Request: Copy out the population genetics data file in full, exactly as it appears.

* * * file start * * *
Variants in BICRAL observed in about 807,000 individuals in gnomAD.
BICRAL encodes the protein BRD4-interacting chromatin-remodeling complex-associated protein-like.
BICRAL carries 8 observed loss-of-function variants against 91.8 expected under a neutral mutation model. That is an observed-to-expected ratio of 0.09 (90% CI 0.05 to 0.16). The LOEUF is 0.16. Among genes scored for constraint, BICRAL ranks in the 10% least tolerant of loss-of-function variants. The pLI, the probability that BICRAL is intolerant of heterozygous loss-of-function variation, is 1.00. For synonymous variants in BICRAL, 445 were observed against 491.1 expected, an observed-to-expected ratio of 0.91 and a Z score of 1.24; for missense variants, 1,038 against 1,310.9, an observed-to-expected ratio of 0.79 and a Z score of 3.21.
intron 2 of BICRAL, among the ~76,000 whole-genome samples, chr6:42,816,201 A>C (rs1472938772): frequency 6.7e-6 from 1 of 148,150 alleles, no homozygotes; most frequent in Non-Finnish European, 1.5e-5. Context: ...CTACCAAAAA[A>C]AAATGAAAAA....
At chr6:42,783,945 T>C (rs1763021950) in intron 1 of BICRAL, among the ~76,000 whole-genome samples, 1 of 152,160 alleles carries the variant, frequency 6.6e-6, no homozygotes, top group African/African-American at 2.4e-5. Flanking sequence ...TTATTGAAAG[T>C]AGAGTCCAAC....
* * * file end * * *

Variants in BICRAL observed in about 807,000 individuals in gnomAD.
BICRAL encodes the protein BRD4-interacting chromatin-remodeling complex-associated protein-like.
BICRAL carries 8 observed loss-of-function variants against 91.8 expected under a neutral mutation model. That is an observed-to-expected ratio of 0.09 (90% CI 0.05 to 0.16). The LOEUF is 0.16. Among genes scored for constraint, BICRAL ranks in the 10% least tolerant of loss-of-function variants. The pLI, the probability that BICRAL is intolerant of heterozygous loss-of-function variation, is 1.00. For synonymous variants in BICRAL, 445 were observed against 491.1 expected, an observed-to-expected ratio of 0.91 and a Z score of 1.24; for missense variants, 1,038 against 1,310.9, an observed-to-expected ratio of 0.79 and a Z score of 3.21.
intron 2 of BICRAL, among the ~76,000 whole-genome samples, chr6:42,816,201 A>C (rs1472938772): frequency 6.7e-6 from 1 of 148,150 alleles, no homozygotes; most frequent in Non-Finnish European, 1.5e-5. Context: ...CTACCAAAAA[A>C]AAATGAAAAA....
At chr6:42,783,945 T>C (rs1763021950) in intron 1 of BICRAL, among the ~76,000 whole-genome samples, 1 of 152,160 alleles carries the variant, frequency 6.6e-6, no homozygotes, top group African/African-American at 2.4e-5. Flanking sequence ...TTATTGAAAG[T>C]AGAGTCCAAC....